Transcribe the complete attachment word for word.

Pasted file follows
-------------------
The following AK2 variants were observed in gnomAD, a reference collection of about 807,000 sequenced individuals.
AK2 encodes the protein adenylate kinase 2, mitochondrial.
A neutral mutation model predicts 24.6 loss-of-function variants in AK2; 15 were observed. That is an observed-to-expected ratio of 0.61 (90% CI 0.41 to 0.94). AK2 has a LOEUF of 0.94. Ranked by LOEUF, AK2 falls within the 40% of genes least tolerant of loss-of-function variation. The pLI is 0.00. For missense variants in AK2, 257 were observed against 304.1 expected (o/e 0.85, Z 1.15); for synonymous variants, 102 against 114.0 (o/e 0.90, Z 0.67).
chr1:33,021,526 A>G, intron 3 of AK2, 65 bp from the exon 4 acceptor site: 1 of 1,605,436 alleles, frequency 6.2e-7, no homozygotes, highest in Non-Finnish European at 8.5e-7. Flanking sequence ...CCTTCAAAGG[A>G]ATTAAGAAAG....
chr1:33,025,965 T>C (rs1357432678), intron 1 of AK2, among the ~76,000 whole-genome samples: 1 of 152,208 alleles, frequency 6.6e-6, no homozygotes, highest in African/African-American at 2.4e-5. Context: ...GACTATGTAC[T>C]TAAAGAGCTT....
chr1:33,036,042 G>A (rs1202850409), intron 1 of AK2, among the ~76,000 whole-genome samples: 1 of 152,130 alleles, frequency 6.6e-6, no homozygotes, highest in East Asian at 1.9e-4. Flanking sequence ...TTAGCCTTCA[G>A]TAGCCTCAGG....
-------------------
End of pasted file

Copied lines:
The following AK2 variants were observed in gnomAD, a reference collection of about 807,000 sequenced individuals.
AK2 encodes the protein adenylate kinase 2, mitochondrial.
A neutral mutation model predicts 24.6 loss-of-function variants in AK2; 15 were observed. That is an observed-to-expected ratio of 0.61 (90% CI 0.41 to 0.94). AK2 has a LOEUF of 0.94. Ranked by LOEUF, AK2 falls within the 40% of genes least tolerant of loss-of-function variation. The pLI is 0.00. For missense variants in AK2, 257 were observed against 304.1 expected (o/e 0.85, Z 1.15); for synonymous variants, 102 against 114.0 (o/e 0.90, Z 0.67).
chr1:33,021,526 A>G, intron 3 of AK2, 65 bp from the exon 4 acceptor site: 1 of 1,605,436 alleles, frequency 6.2e-7, no homozygotes, highest in Non-Finnish European at 8.5e-7. Flanking sequence ...CCTTCAAAGG[A>G]ATTAAGAAAG....
chr1:33,025,965 T>C (rs1357432678), intron 1 of AK2, among the ~76,000 whole-genome samples: 1 of 152,208 alleles, frequency 6.6e-6, no homozygotes, highest in African/African-American at 2.4e-5. Context: ...GACTATGTAC[T>C]TAAAGAGCTT....
chr1:33,036,042 G>A (rs1202850409), intron 1 of AK2, among the ~76,000 whole-genome samples: 1 of 152,130 alleles, frequency 6.6e-6, no homozygotes, highest in East Asian at 1.9e-4. Flanking sequence ...TTAGCCTTCA[G>A]TAGCCTCAGG....